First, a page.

CCRL2 expression was found upregulated following MOGaa35–55 immunization and paralleled the kinetics of the clinical symptoms, reaching the peak induction at the acme of the disease and declining thereafter (Mazzon et al., 2016). During the development of EAE, the upregulation of CCRL2 was associated with increased levels of chemerin (Graham et al., 2009; Mazzon et al., 2016), mimicking the regulation of ACKR3 and its ligand CXCL12 (Banisadr et al., 2016). CCRL2 deficient mice showed exacerbated EAE clinical phenotype, in terms of increased mortality, higher maximum and cumulative clinical score. The histopathological analysis revealed an intense and persistent inflammatory reaction associated with increased demyelination in CCRL2 deficient spinal cords at the recovery phase of the disease. These observations were paralleled by the increase in T cell infiltration in CCRL2 deficient mice. In addition, in CCRL2 KO mice, the macrophage/microglia activation markers, namely Iba-1, CD68, and TREM2 remained elevated during the recovery phase of the disease. An unbalanced M1/M2 polarization, with a persistent predominance of the M1 markers was also observed during the recovery phase of the disease. This was in contrast to control mice that developed all the signs of resolution of inflammation including the M2 phenotype characterizing the CNS regenerative response. These results candidate CCRL2 as an important player in EAE-associated inflammatory reactions and suggest the tuning of microglial activation and polarization as an additional mechanism used by ACKRs to regulate CNS inflammatory responses.
Neuroinflammation is a key component of neurodegenerative diseases. This process involves the effector components of both innate and adaptive immunity. In the CNS, microglia represent the resident immune component involved in tissue homeostasis. Being an immune sensor of altered homeostasis, microglia accumulate in response to neuron injury and after the entry of foreign substances in the CNS. The way microglia become activated represents a crucial element in the regulation of neuroinflammation and may be associated with either beneficial or detrimental effects resulting in neuroprotection or neurotoxicity. The chemokine system plays multiple roles in the modulation of this multifaceted process. Our growing understanding on the functions of the ACKRs increases the level of complexity of this scenario and provides new potential targets to be exploited in the control of neuroinflammation.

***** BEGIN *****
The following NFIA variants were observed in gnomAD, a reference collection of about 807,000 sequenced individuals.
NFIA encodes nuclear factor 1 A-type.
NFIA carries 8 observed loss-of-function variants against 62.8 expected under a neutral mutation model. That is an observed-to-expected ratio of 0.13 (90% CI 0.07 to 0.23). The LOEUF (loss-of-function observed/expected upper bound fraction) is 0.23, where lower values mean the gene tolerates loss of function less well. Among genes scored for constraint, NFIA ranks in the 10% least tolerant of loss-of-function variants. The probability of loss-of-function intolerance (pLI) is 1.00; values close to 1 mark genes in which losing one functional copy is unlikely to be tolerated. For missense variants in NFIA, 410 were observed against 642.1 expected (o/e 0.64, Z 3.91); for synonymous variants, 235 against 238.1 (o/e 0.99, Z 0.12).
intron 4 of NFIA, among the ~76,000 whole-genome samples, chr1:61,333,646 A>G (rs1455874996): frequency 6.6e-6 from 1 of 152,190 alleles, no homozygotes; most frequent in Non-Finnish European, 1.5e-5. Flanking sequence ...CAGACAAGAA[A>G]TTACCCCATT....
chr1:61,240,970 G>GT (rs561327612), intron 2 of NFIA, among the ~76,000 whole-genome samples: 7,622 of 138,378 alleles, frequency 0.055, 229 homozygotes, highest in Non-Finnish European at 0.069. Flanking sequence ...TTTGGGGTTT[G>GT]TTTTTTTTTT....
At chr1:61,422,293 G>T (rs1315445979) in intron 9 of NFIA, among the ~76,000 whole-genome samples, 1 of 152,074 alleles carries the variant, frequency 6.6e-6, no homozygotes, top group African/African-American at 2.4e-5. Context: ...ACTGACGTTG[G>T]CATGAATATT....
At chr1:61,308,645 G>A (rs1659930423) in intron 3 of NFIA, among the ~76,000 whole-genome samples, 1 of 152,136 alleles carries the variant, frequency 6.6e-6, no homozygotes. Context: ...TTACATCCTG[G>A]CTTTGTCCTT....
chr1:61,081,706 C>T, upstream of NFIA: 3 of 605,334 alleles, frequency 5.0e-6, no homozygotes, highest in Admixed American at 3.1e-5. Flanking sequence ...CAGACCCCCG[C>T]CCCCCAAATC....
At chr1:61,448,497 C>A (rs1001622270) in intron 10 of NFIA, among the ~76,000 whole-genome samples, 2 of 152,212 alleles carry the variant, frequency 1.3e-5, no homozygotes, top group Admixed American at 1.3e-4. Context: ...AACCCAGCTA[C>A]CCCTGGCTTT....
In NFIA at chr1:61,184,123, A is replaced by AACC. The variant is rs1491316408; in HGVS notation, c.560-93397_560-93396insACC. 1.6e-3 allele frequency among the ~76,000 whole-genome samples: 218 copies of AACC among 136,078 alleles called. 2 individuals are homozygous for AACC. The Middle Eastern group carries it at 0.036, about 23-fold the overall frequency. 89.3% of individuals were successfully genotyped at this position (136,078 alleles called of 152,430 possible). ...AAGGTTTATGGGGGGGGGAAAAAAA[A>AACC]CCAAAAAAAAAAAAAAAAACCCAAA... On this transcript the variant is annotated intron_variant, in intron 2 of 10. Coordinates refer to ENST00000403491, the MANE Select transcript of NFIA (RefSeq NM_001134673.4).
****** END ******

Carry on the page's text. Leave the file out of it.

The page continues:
VS and FS wrote and edited the manuscript and prepared the Table and Figure. SS and ADP contributed in writing and supervised the final version of the manuscript.
Conflict of Interest Statement
The authors declare that the research was conducted in the absence of any commercial or financial relationships that could be construed as a potential conflict of interest.
This work was supported by Associazione Italiana Ricerca sul Cancro (AIRC); Interuniversity Attraction Poles (IAP) 7-40 program.
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Keywords: chemokine receptors, neuroinflammation, microglia, atypical chemokine receptors, CCRL2
Citation: Salvi V, Sozio F, Sozzani S and Del Prete A (2017) Role of Atypical Chemokine Receptors in Microglial Activation and Polarization. Front. Aging Neurosci. 9:148. doi: 10.3389/fnagi.2017.00148
Received: 22 March 2017; Accepted: 02 May 2017;
Published: 26 May 2017.
Edited by:Isidre Ferrer, University of Barcelona, Spain
Reviewed by:Marcus Thelen, Institute for Research in Biomedicine, Switzerland
Cristina Limatola, Sapienza University of Rome, Italy
Copyright © 2017 Salvi, Sozio, Sozzani and Del Prete. This is an open-access article distributed under the terms of the Creative Commons Attribution License (CC BY). The use, distribution or reproduction in other forums is permitted, provided the original author(s) or licensor are credited and that the original publication in this journal is cited, in accordance with accepted academic practice. No use, distribution or reproduction is permitted which does not comply with these terms.
*Correspondence: Silvano Sozzani, firstname.lastname@example.org
† Shared first authorship.
‡ Shared last authorship.